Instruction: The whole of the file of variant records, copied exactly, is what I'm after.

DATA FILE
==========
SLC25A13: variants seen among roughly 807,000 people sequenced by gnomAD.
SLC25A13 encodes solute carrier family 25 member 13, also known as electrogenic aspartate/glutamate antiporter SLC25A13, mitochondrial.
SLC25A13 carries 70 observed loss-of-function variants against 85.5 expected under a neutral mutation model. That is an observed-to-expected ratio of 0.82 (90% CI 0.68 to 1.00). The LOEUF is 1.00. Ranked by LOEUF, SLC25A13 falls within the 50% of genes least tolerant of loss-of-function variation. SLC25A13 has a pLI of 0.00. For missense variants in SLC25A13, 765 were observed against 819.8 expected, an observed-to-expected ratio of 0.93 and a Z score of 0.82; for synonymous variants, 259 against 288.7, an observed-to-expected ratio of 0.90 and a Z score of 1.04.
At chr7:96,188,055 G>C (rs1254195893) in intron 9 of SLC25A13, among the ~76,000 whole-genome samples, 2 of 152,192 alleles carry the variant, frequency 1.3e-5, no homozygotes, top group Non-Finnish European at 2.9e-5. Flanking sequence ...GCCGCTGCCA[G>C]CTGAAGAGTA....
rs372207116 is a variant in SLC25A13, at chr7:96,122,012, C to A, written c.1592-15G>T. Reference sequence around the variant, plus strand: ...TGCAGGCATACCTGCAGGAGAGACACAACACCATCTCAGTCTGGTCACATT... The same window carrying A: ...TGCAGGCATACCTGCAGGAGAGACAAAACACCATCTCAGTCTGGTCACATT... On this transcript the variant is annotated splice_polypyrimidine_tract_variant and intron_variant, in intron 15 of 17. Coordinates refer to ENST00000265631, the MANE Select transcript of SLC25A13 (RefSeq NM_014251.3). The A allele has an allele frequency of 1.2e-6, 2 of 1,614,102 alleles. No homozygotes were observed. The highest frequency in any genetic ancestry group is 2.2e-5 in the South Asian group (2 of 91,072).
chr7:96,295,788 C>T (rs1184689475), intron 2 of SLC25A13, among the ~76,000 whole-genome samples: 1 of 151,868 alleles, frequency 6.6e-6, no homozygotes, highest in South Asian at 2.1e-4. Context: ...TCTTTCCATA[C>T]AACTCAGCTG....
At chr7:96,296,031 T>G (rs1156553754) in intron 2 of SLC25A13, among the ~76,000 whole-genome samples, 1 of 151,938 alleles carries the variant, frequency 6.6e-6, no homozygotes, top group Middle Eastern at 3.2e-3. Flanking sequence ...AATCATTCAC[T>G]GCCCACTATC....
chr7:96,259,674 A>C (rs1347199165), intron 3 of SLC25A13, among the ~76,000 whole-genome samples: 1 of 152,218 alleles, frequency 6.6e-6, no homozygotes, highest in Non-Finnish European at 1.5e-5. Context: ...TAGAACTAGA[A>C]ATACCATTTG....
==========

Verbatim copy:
SLC25A13: variants seen among roughly 807,000 people sequenced by gnomAD.
SLC25A13 encodes solute carrier family 25 member 13, also known as electrogenic aspartate/glutamate antiporter SLC25A13, mitochondrial.
SLC25A13 carries 70 observed loss-of-function variants against 85.5 expected under a neutral mutation model. That is an observed-to-expected ratio of 0.82 (90% CI 0.68 to 1.00). The LOEUF is 1.00. Ranked by LOEUF, SLC25A13 falls within the 50% of genes least tolerant of loss-of-function variation. SLC25A13 has a pLI of 0.00. For missense variants in SLC25A13, 765 were observed against 819.8 expected, an observed-to-expected ratio of 0.93 and a Z score of 0.82; for synonymous variants, 259 against 288.7, an observed-to-expected ratio of 0.90 and a Z score of 1.04.
At chr7:96,188,055 G>C (rs1254195893) in intron 9 of SLC25A13, among the ~76,000 whole-genome samples, 2 of 152,192 alleles carry the variant, frequency 1.3e-5, no homozygotes, top group Non-Finnish European at 2.9e-5. Flanking sequence ...GCCGCTGCCA[G>C]CTGAAGAGTA....
rs372207116 is a variant in SLC25A13, at chr7:96,122,012, C to A, written c.1592-15G>T. Reference sequence around the variant, plus strand: ...TGCAGGCATACCTGCAGGAGAGACACAACACCATCTCAGTCTGGTCACATT... The same window carrying A: ...TGCAGGCATACCTGCAGGAGAGACAAAACACCATCTCAGTCTGGTCACATT... On this transcript the variant is annotated splice_polypyrimidine_tract_variant and intron_variant, in intron 15 of 17. Coordinates refer to ENST00000265631, the MANE Select transcript of SLC25A13 (RefSeq NM_014251.3). The A allele has an allele frequency of 1.2e-6, 2 of 1,614,102 alleles. No homozygotes were observed. The highest frequency in any genetic ancestry group is 2.2e-5 in the South Asian group (2 of 91,072).
chr7:96,295,788 C>T (rs1184689475), intron 2 of SLC25A13, among the ~76,000 whole-genome samples: 1 of 151,868 alleles, frequency 6.6e-6, no homozygotes, highest in South Asian at 2.1e-4. Context: ...TCTTTCCATA[C>T]AACTCAGCTG....
At chr7:96,296,031 T>G (rs1156553754) in intron 2 of SLC25A13, among the ~76,000 whole-genome samples, 1 of 151,938 alleles carries the variant, frequency 6.6e-6, no homozygotes, top group Middle Eastern at 3.2e-3. Flanking sequence ...AATCATTCAC[T>G]GCCCACTATC....
chr7:96,259,674 A>C (rs1347199165), intron 3 of SLC25A13, among the ~76,000 whole-genome samples: 1 of 152,218 alleles, frequency 6.6e-6, no homozygotes, highest in Non-Finnish European at 1.5e-5. Context: ...TAGAACTAGA[A>C]ATACCATTTG....